Sources: Oxfam, BYU
Photo: Daily Mail

Unlike most musicians, indie rock band Ra Ra Riot endorses more than just good music and a rockstar lifestyle during their world tours.

Formed in 2006 at Syracuse University, Ra Ra Riot has included the humanitarian organization Oxfam International at their concerts since their earliest shows. Ra Ra Riot band members Rebecca Zeller and Mathieu Santos have spoken openly in support of Oxfam’s mission to end poverty, hunger, and injustice across the globe, saying that they believe it is important to connect the cause to their music.

But allowing for tabling at concerts isn’t the only way that Ra Ra Riot shows its support for Oxfam and alleviating global poverty. In 2011, the band partnered with streaming music service Songza to raise money for Oxfam. For each person that became a “fan” of the Ra Ra Riot music station, Songza donated $0.50 to Oxfam America.

The indie band has also held concerts, such as ThrillCall’s Launch Party with Lissy Trullie, where all ticket proceeds were donated to Oxfam. Recently, Oxfam America released its annual Summer Jams album, featuring artists such as Ra Ra Riot, Wilco, and Calexico to help raise awareness about their work.

Music brings people of all different backgrounds together and makes them feel connected to each other. Ra Ra Riot has not only brought their listeners together in support of their music, but also in support of the world’s poor. What more can be asked of a band?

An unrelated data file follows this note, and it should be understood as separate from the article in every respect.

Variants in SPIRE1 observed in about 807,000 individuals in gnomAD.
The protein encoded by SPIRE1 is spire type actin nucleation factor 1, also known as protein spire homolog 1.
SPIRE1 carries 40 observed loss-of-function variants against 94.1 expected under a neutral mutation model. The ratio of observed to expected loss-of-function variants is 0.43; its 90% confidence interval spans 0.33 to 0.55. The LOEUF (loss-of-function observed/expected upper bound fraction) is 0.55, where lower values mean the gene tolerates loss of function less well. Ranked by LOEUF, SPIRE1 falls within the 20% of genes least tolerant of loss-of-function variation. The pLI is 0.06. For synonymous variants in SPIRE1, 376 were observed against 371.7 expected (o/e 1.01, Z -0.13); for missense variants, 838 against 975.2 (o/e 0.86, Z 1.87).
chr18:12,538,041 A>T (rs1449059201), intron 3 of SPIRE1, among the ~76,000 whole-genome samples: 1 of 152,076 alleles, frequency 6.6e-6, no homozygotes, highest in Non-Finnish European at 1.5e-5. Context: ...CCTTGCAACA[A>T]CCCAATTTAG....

– Tara Young

Sources: Music for Good, OxFam America
Photo: OxFam America

The Sandy River Foundation, founded in 2008, works to bring physical and spiritual wholesomeness to all nations. It achieves this by providing nonprofit organizations with funding in order to focus on their initiatives rather than on fundraising to keep the organization going.

Nonprofits that wish to receive this funding must meet the guidelines of the Sandy River Foundation and complete an application process, but only after being invited by the foundation itself. Some of the organizations that have accepted funding include Heifer International, the Long Island Community Foundation, Oxfam America, and Acción International.

The mission of Heifer International is to end both hunger and poverty by providing families with a cow. This provides a source of food to families from the milk the animal provides. The families can also sell the excess products to gain a reliable source of income, and after saving this income, can start a small business or even join an agricultural cooperative with other families nearby.

By providing small businesses with microfinancing, Acción International hopes to strengthen businesses with both financial and managerial support. Once those microfinance institutions have grown and become financially independent of donors, the economy of the surrounding area will increase and the jobs of those working at the company will be secured. Acción International has provided its support to countries across the globe including India, China, Nigeria, Tanzania, and Colombia.

The Sandy River Foundation donates

to nonprofits in order to create a positive impact across the globe.

– Alessandra Wike

Sources: Accion, Heifer International, Sandy River Foundation